We can take examples to understand this. Let N = 2^2 \cdot 5^3. Its exponents are (2, 3). Number of its divisors is (2 + 1) * (3 + 1) = 3 * 4 = 12. We have to find its divisor d that has the highest number of divisors? We can pick one of the exponents and subtact 1 from it, and the corresponding number will be a proper divisor of N. For example, in this case, the divisor could be either 2^1 * 5^3 or 2^2 * 5^2. As (1 + 1) * (3 + 1) = 4 and (2 + 1) * (2 + 1) = 9. You can see that 2^2 * 5^2 has more divisors than 2^1 * 5^3. You can prove that you should remove 1 from the highest exponent to get the number d with highest divisors. Let the number N = p^a \cdot q^b. Assume a < b. You can see that (a + 1) \cdot b is greater than a \cdot (b + 1), as the first term is ab + b, and the second ab + a (because b > a). You can extend this observation for more than two exponents.

### Implementation of finding weight of a tree.

Let us implement the code for finding weight of a tree with root value N. We find the exponents in the prime factorization of N. Let these exponents be q_1, q_2, \dots q_k. Let s = q_1, q_2, \dots q_k. For s iterations, in each iteration we pick the largest q_i and decrease it by 1, and add the number of divisors for the given exponents in the weight of the path. If we implement this naively, i.e. in each iteration we find the maximum q_i by iterating over all the k q_i's, the time complexity will be \mathcal{O}(s * k).

We can optimize this by using a max heap (priority queue) to store the q values, and finding the top element in \mathcal{O}(log k). The time complexity of this implementation will be \mathcal{O}(s * log(k)).

For a given number N, we can find bounds over s and k in terms of N. With little obseration, you can prove that both k and s will be \mathcal{O}(log(N)). It is left as an exercise for the readers.

### Finding prime factorization of numbers in a given range

Given a range of integers [A, B], we have to find prime factorization of each number N in the range [A, B]. We can factorize a number N in \mathcal{O}(sqrt N) time by trying all possible divisors \leq sqrt(N). This will provide a time complexity of \mathcal{O}(|B - A + 1| \cdot sqrt B) in the worst case. This will be sufficient to solve first and third subtasks.

You can using sieve of Eratosthenes to find prime factorization of from 1 to N in time and space equal to \mathcal{O}(N log N). This will be sufficient to solve the second subtask.

A and B can go up to 10^12 in the final subtask, and |B - A| \leq 10^5. We can see that though A and B are large, their difference is not that much. We can use this observation to use segmented sieve algorithm for finding the prime factorisation in \mathcal{sqrt(B) log (B) + |B - A|} time. This was sufficient to solve the full subtask. You can learn about segmented sieve from this stackoverflow answer.

### TESTER’S SOLUTION

Can be found here.

5 Likes

can we store the values in a C++ multiset instead of priority queue and get maximum qi each time?

@samdcoder Set container won’t keep multiple copies of the same qi’s. You will lose out in case you have multiple qi’s of the same value.

Edit: The question was edited, from ‘set’ to ‘multiset’.

Yes, multiset can be used for this purpose, by iterating from the end of the container each time (assuming sorted in increasing order). But won’t a priority queue come to your mind more intuitively?

2 Likes

Sorry I meant C++ multiset.

@dpraveen (1 + 1) * (3 + 1) = 8. Its written 4.

1 Like

You can solve it even without using priority queue. Use array[] to store count of exponent and traverse from Right to Left to pick maximum exponent.

Here is the solution of above illustration with more optimisation in Sieve and weight of tree.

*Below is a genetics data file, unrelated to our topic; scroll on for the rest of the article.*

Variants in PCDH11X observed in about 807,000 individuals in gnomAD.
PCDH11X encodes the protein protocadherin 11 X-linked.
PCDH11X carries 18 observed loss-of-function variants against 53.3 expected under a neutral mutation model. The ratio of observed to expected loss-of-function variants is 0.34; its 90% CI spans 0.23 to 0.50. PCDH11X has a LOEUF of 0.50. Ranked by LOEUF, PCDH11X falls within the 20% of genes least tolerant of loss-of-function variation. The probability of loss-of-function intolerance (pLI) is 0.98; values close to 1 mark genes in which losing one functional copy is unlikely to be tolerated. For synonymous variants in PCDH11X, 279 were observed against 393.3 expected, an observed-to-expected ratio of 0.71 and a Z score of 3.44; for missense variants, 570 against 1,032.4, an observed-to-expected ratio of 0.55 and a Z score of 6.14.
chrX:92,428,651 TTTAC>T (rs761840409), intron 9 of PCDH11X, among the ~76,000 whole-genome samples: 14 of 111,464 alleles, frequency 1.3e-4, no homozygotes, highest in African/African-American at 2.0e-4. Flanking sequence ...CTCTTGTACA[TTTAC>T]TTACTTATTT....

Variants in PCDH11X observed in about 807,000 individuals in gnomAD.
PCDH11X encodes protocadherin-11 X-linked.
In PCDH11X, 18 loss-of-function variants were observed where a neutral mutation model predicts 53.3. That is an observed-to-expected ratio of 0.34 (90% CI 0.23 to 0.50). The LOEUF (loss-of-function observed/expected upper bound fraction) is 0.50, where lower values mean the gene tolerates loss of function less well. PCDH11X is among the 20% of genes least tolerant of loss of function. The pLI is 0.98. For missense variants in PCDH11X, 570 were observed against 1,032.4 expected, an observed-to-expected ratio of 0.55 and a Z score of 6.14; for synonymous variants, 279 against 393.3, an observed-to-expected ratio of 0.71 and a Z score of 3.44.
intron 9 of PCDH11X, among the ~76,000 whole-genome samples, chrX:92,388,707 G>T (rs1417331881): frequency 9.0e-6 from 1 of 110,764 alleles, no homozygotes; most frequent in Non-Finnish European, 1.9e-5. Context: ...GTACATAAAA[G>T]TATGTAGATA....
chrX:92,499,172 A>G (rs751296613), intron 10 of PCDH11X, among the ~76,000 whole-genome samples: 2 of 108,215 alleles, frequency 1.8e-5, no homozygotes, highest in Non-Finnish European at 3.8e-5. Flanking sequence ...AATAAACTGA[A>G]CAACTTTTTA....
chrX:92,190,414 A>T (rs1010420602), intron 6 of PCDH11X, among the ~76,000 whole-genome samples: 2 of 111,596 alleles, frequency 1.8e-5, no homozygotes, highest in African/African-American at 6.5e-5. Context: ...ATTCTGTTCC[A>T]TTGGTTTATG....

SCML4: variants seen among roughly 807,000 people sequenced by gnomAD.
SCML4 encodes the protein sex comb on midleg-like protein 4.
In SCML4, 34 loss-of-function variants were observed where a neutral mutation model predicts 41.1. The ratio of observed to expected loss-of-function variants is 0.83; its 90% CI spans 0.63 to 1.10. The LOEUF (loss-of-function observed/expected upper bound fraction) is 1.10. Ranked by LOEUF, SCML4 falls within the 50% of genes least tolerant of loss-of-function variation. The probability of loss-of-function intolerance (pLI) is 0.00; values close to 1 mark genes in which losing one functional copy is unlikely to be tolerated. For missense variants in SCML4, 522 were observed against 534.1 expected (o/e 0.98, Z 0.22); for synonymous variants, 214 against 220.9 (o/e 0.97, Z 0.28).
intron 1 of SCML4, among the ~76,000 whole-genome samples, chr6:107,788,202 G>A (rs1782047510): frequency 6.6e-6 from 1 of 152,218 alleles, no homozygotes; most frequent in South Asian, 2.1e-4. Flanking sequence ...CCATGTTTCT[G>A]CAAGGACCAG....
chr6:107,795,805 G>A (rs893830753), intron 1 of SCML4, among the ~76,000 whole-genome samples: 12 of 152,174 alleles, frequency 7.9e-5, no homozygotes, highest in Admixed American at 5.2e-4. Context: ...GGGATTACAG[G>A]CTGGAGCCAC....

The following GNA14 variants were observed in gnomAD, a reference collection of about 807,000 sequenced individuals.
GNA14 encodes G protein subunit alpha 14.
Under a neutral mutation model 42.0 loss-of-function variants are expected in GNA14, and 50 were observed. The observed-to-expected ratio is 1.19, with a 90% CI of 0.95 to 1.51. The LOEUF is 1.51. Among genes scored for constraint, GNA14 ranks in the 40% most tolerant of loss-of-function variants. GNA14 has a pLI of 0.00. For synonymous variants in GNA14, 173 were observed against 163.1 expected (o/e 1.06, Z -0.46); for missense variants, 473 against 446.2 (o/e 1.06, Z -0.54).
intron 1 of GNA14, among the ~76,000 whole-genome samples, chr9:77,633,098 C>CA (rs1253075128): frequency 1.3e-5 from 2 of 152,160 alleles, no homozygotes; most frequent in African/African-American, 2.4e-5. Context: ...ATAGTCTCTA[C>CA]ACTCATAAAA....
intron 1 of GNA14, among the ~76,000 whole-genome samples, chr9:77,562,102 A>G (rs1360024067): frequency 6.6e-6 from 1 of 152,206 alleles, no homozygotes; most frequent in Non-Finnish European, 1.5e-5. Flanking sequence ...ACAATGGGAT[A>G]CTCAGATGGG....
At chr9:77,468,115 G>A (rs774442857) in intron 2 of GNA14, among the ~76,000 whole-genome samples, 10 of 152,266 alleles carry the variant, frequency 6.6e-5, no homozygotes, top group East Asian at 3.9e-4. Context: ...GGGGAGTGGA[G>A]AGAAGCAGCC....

1 Like

I still cant understand how to find prime factorization of a big numbers segment, can anyone try to explain it once again?

Can’t see the solutions of tester and setter.

@korec123 You can use the same approach that we use for finding primes using Sieve of Eratosthenes. You need to find prime factors of numbers in the range of A to B. First generate primes using Sieve of Eratosthenes till 106, now we can use these primes to find factors of numbers in the range of A to B. Notice we need to generate primes only till 106 because B <= 10**12. So for each prime, you generated, mark off all the multiples of that prime, i.e. for a prime number p, we mark off all the multiples of p in the range A to B, and for every such multiple of p, we find the number of times p divides the number and store that value. For example, for p = 2, A = 10, B = 20, we start with 10 (value of A), and divide 10 by p (2) until it’s possible. We do this for 12, 14, 16 and so on until B. we repeat this for all the primes pi, such that pi * pi <= B. Hope this helps.

for CHEVDIv problem when finding divisor having max degree can we do

No/(first divisor of no more than 1) = p;

p will always have highest degree among child nodes

example :
no = 12
first divisor other than 1 is 2

12/2 = 6

6 has max degree among leaf nodes

is this approach correct??

Same here. 1 Like

This approach is not correct as a sample when given test case is 1 50 answer should be 383 and in the approach u mentioned we will get 380

NO ,the answer is coming 383
here is link to my code with above mentioned approach
https://www.codechef.com/viewsolution/13348793

Hi Everyone!

I made a video editorial on this problem over here:

Chef And Divisors Will be adding more editorials soon!

Cheers 9 Likes

Thanks for this

1 Like

Hi @korec123 you can use the links mentioned below for better understanding.

Hope it helps.

for CHEVDIv problem when finding divisor having max degree can we do

No/(first divisor of no more than 1) = p;

p will always have highest degree among child nodes

example : no = 12 first divisor other than 1 is 2

12/2 = 6

6 has max degree among leaf nodes

i know i have to use segmented seive instead of seive i only want to know

is this approach of finding divisor with highest degree correct??

if not can u provide a counter example??

here is link to my code with above mentioned approach

https://www.codechef.com/viewsolution/13348793

Hi @chunky_2808 just consider the case of 2^2 * 3^3 = 108. Your logic would give the answer 108 / 2 = 54 but the no with max proper divisor would be 2^2 * 3^(3-1) = 36. Hope you understand.

1 Like

Can someone explain, please. Why in accepted solutions answer for input: 18 18 => 12 ?
I’m getting 11.